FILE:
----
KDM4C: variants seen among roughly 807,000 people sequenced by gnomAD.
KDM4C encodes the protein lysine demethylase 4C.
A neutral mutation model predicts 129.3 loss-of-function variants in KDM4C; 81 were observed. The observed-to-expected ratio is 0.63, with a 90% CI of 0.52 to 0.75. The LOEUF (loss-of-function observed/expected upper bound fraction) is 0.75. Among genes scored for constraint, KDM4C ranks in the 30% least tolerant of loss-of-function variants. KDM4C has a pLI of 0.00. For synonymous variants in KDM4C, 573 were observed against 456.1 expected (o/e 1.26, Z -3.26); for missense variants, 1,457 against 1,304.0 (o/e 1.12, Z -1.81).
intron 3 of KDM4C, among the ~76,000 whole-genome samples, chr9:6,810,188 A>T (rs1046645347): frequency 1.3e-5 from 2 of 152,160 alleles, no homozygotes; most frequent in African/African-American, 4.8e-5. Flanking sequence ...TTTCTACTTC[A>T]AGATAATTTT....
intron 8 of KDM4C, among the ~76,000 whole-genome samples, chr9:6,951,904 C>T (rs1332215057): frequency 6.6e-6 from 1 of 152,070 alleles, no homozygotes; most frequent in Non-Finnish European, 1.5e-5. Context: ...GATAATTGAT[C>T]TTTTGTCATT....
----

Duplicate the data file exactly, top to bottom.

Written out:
KDM4C: variants seen among roughly 807,000 people sequenced by gnomAD.
KDM4C encodes the protein lysine demethylase 4C.
A neutral mutation model predicts 129.3 loss-of-function variants in KDM4C; 81 were observed. The observed-to-expected ratio is 0.63, with a 90% CI of 0.52 to 0.75. The LOEUF (loss-of-function observed/expected upper bound fraction) is 0.75. Among genes scored for constraint, KDM4C ranks in the 30% least tolerant of loss-of-function variants. KDM4C has a pLI of 0.00. For synonymous variants in KDM4C, 573 were observed against 456.1 expected (o/e 1.26, Z -3.26); for missense variants, 1,457 against 1,304.0 (o/e 1.12, Z -1.81).
intron 3 of KDM4C, among the ~76,000 whole-genome samples, chr9:6,810,188 A>T (rs1046645347): frequency 1.3e-5 from 2 of 152,160 alleles, no homozygotes; most frequent in African/African-American, 4.8e-5. Flanking sequence ...TTTCTACTTC[A>T]AGATAATTTT....
intron 8 of KDM4C, among the ~76,000 whole-genome samples, chr9:6,951,904 C>T (rs1332215057): frequency 6.6e-6 from 1 of 152,070 alleles, no homozygotes; most frequent in Non-Finnish European, 1.5e-5. Context: ...GATAATTGAT[C>T]TTTTGTCATT....